Armidale via Thundabolts way #ride4mike

Road cycling & upcoming rides
jcaley
Posts: 418
Joined: 25 Oct 2012, 07:14

Postby jcaley » 08 Apr 2017, 10:49

This Monday and Tuesday Bro and I are riding to Armidale via the central coast, the Buckets Way and Thunderbolts Way. The latter is very picturesque country. Monday night will be in Gloucester - probably rent a house for the night. I had second thoughts doing about this after Mike Hall's death but decided to do it as a tribute ride. I've told Maggie we won't ride on into the night.
2 days. 28s pace 500km with 4000m climbing. Leaving Newtown 6am if you want to join us...bring as little as possible stuff - 1 tube, 1 bottle and a credit card. #ride4mike

jcaley
Posts: 418
Joined: 25 Oct 2012, 07:14

Postby jcaley » 20 Apr 2017, 22:16

Well that was epic. With a 285km goal on day 1 and Bro not having ridden since January, I took on the pace setting out over the bridge, through Mosman and across the spit bridge.
We basically followed the most recent adventure ride route to Palm Beach and had time for breakfast at the boathouse before catching the ferry to Wagstaff. There was a good westerly blowing as we wound our way around the edge of various waterways of the central coast. At least it wasn't a headwind. At Belmont on Lake Macquarie, we turned down a little street and onto the south end of the Fernleigh Track. I had heard of it but was not expecting such a beautiful ride through the bush which took us right into the heart of Newcastle where we found what seemed like the eating hub of Newcastle on Beumont Rd Adamstown. By this stage we had covered 160km and were both pretty tired.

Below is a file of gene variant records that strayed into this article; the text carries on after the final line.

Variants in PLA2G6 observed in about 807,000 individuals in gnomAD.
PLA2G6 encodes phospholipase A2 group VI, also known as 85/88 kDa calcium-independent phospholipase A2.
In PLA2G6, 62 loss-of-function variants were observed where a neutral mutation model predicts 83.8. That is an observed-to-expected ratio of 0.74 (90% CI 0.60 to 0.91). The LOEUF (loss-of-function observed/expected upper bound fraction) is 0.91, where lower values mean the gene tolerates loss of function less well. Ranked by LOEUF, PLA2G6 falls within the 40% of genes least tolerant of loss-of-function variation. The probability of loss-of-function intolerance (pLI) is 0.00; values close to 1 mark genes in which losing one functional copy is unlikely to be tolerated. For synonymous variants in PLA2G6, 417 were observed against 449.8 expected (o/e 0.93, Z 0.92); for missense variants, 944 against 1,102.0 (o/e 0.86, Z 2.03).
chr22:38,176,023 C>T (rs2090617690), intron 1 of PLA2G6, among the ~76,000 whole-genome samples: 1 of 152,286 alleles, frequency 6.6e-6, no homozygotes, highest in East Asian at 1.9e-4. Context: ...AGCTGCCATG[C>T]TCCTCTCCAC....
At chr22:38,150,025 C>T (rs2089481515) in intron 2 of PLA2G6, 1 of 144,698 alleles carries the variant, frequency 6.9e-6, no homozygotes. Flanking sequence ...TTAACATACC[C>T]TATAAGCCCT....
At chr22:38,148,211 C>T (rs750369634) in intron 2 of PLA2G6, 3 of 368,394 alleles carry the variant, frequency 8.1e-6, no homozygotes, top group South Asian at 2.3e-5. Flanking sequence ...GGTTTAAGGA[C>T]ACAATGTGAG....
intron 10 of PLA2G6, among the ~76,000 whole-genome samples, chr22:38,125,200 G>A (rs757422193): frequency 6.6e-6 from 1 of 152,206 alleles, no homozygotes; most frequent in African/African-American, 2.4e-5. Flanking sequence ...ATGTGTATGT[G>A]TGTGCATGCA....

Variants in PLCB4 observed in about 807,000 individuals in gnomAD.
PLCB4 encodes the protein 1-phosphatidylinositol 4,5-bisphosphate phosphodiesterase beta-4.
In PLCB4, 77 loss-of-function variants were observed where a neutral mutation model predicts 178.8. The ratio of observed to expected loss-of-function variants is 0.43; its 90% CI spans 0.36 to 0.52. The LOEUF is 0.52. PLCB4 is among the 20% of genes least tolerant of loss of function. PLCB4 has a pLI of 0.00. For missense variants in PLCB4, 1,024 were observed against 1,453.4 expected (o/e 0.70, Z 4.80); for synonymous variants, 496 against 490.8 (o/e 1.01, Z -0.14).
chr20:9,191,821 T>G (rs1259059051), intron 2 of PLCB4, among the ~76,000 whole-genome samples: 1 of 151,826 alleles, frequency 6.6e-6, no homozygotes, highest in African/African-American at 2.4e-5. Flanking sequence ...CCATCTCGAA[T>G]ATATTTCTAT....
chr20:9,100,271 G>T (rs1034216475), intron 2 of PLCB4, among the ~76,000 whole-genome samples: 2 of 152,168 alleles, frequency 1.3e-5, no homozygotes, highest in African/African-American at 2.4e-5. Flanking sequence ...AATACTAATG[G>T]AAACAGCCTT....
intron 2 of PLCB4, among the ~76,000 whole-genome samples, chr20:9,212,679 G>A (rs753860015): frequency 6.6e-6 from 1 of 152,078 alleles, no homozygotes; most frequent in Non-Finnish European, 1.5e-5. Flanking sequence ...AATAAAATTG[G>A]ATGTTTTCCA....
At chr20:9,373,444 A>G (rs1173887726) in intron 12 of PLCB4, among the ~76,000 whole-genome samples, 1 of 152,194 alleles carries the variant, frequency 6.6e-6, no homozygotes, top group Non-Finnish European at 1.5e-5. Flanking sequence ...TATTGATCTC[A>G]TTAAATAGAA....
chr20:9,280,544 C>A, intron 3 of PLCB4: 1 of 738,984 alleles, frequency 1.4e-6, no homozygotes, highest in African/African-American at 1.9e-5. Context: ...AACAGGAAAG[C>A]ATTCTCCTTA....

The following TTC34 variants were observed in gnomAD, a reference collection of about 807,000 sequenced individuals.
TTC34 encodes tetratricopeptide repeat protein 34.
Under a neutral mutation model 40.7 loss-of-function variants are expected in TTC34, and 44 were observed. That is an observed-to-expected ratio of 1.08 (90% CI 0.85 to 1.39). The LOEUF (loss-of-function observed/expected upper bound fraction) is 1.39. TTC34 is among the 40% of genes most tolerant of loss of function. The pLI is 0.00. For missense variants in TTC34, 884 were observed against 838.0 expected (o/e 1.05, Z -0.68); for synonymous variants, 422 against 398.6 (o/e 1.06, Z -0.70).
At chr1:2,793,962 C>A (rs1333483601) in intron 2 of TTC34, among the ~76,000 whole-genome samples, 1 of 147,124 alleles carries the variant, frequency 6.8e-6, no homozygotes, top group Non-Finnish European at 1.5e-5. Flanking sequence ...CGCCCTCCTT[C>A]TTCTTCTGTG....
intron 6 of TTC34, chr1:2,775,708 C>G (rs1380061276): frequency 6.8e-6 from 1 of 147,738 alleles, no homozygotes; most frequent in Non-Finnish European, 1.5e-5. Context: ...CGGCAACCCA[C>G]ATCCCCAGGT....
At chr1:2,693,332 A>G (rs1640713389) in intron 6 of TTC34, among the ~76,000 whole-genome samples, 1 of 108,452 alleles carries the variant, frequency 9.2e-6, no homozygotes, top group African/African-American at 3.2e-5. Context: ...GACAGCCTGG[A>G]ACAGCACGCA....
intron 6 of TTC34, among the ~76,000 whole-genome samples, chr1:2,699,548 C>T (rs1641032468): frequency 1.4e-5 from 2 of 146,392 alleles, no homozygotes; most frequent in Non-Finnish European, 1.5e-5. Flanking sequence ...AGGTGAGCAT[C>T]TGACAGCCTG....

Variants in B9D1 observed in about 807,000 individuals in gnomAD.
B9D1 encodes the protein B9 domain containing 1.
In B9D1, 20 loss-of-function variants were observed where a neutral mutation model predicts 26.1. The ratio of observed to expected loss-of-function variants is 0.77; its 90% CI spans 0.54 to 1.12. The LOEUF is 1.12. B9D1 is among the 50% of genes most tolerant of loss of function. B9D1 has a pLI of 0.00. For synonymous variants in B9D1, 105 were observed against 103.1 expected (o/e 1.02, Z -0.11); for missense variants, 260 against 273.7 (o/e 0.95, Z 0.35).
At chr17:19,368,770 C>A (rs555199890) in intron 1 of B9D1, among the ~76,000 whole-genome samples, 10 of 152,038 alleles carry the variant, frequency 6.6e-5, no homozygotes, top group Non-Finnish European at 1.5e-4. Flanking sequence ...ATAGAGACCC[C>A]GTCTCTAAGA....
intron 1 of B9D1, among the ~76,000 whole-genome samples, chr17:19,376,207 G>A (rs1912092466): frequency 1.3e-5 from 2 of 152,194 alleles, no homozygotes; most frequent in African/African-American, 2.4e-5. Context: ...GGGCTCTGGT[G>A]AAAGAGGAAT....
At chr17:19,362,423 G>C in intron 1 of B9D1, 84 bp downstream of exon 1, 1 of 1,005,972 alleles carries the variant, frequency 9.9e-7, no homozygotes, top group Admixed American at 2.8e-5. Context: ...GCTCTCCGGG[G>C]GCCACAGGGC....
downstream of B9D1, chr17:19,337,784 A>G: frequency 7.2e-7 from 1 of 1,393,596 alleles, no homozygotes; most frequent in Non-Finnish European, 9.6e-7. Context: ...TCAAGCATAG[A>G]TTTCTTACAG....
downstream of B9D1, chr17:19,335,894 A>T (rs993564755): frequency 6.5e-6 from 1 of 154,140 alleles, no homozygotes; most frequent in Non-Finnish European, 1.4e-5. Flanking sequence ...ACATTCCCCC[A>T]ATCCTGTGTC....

After a big bowl of noodles, we hit the road again. To avoid riding on the Pacific Highway, I had plotted a route across the river to the coal loaders and then around via Williamstown. This turned out to be the most unpleasant riding of the trip with lots of semis passing on roads with narrow shoulders and a crosswind sort of headwind. When we made it to the pacific highway, it proved to be much nicer with a wide smooth shoulder, but we only had a few km before we turned onto the Buckets Way heading up towards Stroud. The Buckets Way was quiet enough that we could ride in the middle of the road and easily avoid the damaged patches. We could hear vehicles approaching from a long way off and all overtaking vehicles gave us a wide berth. Lots of waves from us! It was still light as we rolled through Stroud and I thought about stopping but Bro wasn't interested. Anyhow there didn't appear to be much accommodation on offer. However, that meant choosing to ride in the night. We were well prepared for that with spare tail lights and good enough headlights but it was still hard going. Bro suddenly found new energy and as I struggled to hold on up a hill, I found myself grumbling to myself that he could have put some of that energy into some bigger efforts on the front though the day. The last hour in the dark felt like a bit of a slog for survival. I was mostly thinking about dinner. Riding food had worked out very well. We had finished half of the 1.5kg of homemade energy bars plus 4 bananas and a bottle laced with hammer perpetuum from home. Somewhere along the way we must have bought another box of energy bars. Finally we rolled into a very deserted-looking Gloucester and headed to the supermarket for a chocolate milk drink for recovery before heading to the takeaway for burgers and pizza. The Buckets Way Motel was almost shut at 8.30pm when we rode up with the remains of our pizza. 15 minutes later Bro was showered and sound asleep - his kit a sodden pile on the floor of the shower. Only problem is, the laundry closed at 8, and our pizza was left in the already locked and closed foyer. Wrung out our kits and hung them on the plastic chairs outside, made up another bottle of hammer and set the alarm for 5am...